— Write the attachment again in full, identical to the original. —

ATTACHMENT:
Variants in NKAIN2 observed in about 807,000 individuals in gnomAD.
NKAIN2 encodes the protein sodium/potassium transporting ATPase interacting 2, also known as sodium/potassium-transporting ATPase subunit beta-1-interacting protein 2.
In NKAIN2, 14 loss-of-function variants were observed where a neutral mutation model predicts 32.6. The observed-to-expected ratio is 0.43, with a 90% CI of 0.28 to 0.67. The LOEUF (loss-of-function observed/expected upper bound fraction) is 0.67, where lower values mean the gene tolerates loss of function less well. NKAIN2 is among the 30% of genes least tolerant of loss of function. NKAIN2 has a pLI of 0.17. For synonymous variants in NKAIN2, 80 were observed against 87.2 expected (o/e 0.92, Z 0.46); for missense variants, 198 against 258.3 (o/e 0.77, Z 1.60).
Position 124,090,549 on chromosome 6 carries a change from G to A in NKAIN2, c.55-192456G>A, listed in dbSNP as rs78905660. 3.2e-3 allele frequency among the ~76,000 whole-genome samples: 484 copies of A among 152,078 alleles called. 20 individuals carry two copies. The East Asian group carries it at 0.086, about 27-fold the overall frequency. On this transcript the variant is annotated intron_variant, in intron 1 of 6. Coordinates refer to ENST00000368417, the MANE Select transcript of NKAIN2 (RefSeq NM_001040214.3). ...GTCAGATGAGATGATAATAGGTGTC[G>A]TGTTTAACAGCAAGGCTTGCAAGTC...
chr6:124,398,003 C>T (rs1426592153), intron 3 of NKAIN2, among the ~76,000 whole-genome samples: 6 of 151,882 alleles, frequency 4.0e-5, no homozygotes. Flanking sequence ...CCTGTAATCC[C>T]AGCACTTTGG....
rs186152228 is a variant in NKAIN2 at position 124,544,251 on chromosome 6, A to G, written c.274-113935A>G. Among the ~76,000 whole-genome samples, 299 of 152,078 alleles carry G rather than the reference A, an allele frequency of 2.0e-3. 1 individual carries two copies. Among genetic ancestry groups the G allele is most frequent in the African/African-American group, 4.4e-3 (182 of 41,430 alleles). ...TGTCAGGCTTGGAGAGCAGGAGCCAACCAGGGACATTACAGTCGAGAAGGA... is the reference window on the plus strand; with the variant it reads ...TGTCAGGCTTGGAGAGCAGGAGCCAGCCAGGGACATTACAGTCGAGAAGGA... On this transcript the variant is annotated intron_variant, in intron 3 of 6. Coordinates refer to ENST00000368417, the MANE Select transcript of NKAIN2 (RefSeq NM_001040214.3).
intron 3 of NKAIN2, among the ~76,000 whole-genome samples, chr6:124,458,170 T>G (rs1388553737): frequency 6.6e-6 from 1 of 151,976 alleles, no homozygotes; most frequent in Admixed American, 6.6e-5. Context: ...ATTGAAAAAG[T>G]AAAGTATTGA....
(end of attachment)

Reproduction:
Variants in NKAIN2 observed in about 807,000 individuals in gnomAD.
NKAIN2 encodes the protein sodium/potassium transporting ATPase interacting 2, also known as sodium/potassium-transporting ATPase subunit beta-1-interacting protein 2.
In NKAIN2, 14 loss-of-function variants were observed where a neutral mutation model predicts 32.6. The observed-to-expected ratio is 0.43, with a 90% CI of 0.28 to 0.67. The LOEUF (loss-of-function observed/expected upper bound fraction) is 0.67, where lower values mean the gene tolerates loss of function less well. NKAIN2 is among the 30% of genes least tolerant of loss of function. NKAIN2 has a pLI of 0.17. For synonymous variants in NKAIN2, 80 were observed against 87.2 expected (o/e 0.92, Z 0.46); for missense variants, 198 against 258.3 (o/e 0.77, Z 1.60).
Position 124,090,549 on chromosome 6 carries a change from G to A in NKAIN2, c.55-192456G>A, listed in dbSNP as rs78905660. 3.2e-3 allele frequency among the ~76,000 whole-genome samples: 484 copies of A among 152,078 alleles called. 20 individuals carry two copies. The East Asian group carries it at 0.086, about 27-fold the overall frequency. On this transcript the variant is annotated intron_variant, in intron 1 of 6. Coordinates refer to ENST00000368417, the MANE Select transcript of NKAIN2 (RefSeq NM_001040214.3). ...GTCAGATGAGATGATAATAGGTGTC[G>A]TGTTTAACAGCAAGGCTTGCAAGTC...
chr6:124,398,003 C>T (rs1426592153), intron 3 of NKAIN2, among the ~76,000 whole-genome samples: 6 of 151,882 alleles, frequency 4.0e-5, no homozygotes. Flanking sequence ...CCTGTAATCC[C>T]AGCACTTTGG....
rs186152228 is a variant in NKAIN2 at position 124,544,251 on chromosome 6, A to G, written c.274-113935A>G. Among the ~76,000 whole-genome samples, 299 of 152,078 alleles carry G rather than the reference A, an allele frequency of 2.0e-3. 1 individual carries two copies. Among genetic ancestry groups the G allele is most frequent in the African/African-American group, 4.4e-3 (182 of 41,430 alleles). ...TGTCAGGCTTGGAGAGCAGGAGCCAACCAGGGACATTACAGTCGAGAAGGA... is the reference window on the plus strand; with the variant it reads ...TGTCAGGCTTGGAGAGCAGGAGCCAGCCAGGGACATTACAGTCGAGAAGGA... On this transcript the variant is annotated intron_variant, in intron 3 of 6. Coordinates refer to ENST00000368417, the MANE Select transcript of NKAIN2 (RefSeq NM_001040214.3).
intron 3 of NKAIN2, among the ~76,000 whole-genome samples, chr6:124,458,170 T>G (rs1388553737): frequency 6.6e-6 from 1 of 151,976 alleles, no homozygotes; most frequent in Admixed American, 6.6e-5. Context: ...ATTGAAAAAG[T>G]AAAGTATTGA....